Although it is not an annunciation story, it is proper to include here some thoughts about how John begins his Gospel. John self-consciously invokes the creation narrative, but he introduces the “only begotten Son” (Jn. 1:18), Jesus Christ (Jn. 1:17), as the Logos or “Word” as a Principal in the making of the world:
In the beginning was the Word, and the Word was with God, and the Word was God. He was in the beginning with God. All things were made through Him, and without Him nothing was made that was made. (John 1:1-3)
Here the Logos1 is no incidental actor in the Creation Project. He is there at the very beginning of everything. Before Adam, before angels, the Word was present, and He was together “with God.” Verses 14 and 18 make it clear that “God” in the Prologue is God the Father, with the exception of the last part of John 1:1—“and the Word was God.” In that place this Logos is apart from God but is Himself designated as deity.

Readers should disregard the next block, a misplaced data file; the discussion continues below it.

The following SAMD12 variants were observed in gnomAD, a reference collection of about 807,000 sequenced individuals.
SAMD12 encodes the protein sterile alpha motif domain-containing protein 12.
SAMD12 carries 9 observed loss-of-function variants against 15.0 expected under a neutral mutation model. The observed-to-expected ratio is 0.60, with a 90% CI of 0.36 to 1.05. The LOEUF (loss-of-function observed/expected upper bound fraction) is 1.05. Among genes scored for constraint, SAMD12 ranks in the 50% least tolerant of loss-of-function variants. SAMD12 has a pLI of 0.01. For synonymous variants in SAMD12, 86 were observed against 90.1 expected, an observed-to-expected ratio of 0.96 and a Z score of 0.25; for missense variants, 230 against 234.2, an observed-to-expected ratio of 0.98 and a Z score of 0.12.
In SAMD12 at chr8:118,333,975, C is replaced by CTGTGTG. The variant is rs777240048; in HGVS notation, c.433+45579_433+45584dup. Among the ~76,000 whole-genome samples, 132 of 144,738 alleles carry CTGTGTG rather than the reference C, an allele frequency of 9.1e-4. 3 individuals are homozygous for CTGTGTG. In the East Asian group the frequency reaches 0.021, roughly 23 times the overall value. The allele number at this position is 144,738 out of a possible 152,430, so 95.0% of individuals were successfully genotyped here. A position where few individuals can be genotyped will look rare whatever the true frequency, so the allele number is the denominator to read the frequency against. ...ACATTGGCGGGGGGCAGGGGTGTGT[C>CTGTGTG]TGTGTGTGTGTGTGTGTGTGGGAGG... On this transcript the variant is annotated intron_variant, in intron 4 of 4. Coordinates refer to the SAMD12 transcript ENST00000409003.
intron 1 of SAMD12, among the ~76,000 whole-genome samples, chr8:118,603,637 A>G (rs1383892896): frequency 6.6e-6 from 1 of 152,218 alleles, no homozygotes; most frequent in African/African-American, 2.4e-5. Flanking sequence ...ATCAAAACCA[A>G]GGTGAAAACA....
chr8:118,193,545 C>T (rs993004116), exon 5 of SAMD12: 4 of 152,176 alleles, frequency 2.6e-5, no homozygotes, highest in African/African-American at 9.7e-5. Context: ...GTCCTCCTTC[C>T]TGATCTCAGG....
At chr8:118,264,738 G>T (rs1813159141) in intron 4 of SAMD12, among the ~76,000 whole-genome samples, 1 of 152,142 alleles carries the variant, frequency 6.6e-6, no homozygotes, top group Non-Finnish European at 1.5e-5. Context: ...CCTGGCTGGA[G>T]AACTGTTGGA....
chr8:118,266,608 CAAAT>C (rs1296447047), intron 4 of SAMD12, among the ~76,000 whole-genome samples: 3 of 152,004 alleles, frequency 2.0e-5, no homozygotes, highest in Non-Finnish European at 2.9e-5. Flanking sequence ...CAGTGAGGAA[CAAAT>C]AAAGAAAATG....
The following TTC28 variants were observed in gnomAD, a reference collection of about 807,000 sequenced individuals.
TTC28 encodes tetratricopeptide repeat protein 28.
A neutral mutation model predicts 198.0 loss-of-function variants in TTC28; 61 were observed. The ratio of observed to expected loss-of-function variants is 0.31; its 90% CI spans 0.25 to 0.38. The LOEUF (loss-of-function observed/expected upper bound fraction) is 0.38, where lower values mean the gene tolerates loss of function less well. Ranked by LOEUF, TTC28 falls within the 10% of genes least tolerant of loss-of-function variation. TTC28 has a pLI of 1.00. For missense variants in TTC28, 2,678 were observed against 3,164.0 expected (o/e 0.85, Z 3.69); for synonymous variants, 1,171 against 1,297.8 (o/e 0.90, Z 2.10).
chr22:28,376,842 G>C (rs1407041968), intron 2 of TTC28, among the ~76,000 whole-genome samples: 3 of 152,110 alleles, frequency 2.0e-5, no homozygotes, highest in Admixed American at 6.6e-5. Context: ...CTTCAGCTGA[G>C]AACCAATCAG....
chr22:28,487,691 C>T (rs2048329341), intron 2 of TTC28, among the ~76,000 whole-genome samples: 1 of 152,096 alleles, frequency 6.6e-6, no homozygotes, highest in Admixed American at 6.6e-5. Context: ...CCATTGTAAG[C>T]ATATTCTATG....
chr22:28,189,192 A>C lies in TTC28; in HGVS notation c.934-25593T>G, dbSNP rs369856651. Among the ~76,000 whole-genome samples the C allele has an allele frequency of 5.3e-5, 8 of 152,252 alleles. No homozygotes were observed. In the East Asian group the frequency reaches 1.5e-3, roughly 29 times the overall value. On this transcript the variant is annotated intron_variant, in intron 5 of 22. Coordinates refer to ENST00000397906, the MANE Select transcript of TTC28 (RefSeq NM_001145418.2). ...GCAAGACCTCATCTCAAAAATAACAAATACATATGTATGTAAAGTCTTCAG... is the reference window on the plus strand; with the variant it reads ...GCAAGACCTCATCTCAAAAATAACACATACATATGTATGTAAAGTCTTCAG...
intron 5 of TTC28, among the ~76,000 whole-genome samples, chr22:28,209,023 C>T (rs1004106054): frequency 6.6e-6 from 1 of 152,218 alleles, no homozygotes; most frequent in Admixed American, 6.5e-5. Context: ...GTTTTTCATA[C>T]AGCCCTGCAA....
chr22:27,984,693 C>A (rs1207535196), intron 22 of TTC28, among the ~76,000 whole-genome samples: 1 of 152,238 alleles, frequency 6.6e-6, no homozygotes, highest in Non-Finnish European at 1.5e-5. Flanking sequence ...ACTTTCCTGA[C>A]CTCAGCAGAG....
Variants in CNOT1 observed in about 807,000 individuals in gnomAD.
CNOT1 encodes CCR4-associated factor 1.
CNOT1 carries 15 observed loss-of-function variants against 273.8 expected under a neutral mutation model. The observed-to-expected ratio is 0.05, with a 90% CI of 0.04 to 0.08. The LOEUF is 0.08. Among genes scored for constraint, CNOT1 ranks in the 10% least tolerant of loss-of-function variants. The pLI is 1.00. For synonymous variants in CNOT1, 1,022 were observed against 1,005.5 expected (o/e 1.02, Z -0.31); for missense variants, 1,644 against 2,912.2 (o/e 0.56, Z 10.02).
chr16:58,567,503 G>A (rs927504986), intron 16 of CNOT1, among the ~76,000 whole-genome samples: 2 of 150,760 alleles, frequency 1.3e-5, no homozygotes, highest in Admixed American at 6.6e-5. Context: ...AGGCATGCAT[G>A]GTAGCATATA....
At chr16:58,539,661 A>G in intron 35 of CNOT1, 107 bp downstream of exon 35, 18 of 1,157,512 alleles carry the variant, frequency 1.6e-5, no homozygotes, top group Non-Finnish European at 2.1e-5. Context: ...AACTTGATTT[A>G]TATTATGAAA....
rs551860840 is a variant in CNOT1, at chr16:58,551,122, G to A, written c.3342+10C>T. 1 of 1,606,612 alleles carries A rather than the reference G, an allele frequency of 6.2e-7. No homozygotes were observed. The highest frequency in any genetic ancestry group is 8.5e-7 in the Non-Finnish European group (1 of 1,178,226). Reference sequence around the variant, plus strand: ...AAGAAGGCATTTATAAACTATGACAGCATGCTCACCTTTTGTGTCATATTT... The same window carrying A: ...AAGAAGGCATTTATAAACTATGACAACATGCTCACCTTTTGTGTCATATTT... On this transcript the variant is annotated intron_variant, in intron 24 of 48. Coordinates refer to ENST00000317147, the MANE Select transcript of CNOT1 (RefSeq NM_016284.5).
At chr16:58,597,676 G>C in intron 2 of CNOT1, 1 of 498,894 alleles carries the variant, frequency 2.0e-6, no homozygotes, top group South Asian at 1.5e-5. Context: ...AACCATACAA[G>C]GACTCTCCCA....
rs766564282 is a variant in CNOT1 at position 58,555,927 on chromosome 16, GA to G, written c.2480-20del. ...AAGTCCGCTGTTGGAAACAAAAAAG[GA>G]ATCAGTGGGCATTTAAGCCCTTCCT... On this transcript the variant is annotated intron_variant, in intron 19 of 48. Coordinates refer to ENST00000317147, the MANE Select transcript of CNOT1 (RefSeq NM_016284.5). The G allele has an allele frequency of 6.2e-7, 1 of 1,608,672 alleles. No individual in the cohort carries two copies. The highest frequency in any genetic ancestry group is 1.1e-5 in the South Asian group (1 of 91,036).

This either means there are two “Gods,” or it means that God is a plurality: one Being but with more than one “expression.” That is, the apostle declares at the start of his Gospel that the God of the OT is at least a plurality of “Persons” in a single essence.2 And this Word, who John will go on to identify as “Jesus,”—although prior to His being born into the world (Jn. 1:17)—is the one through whom God (the Father) made everything.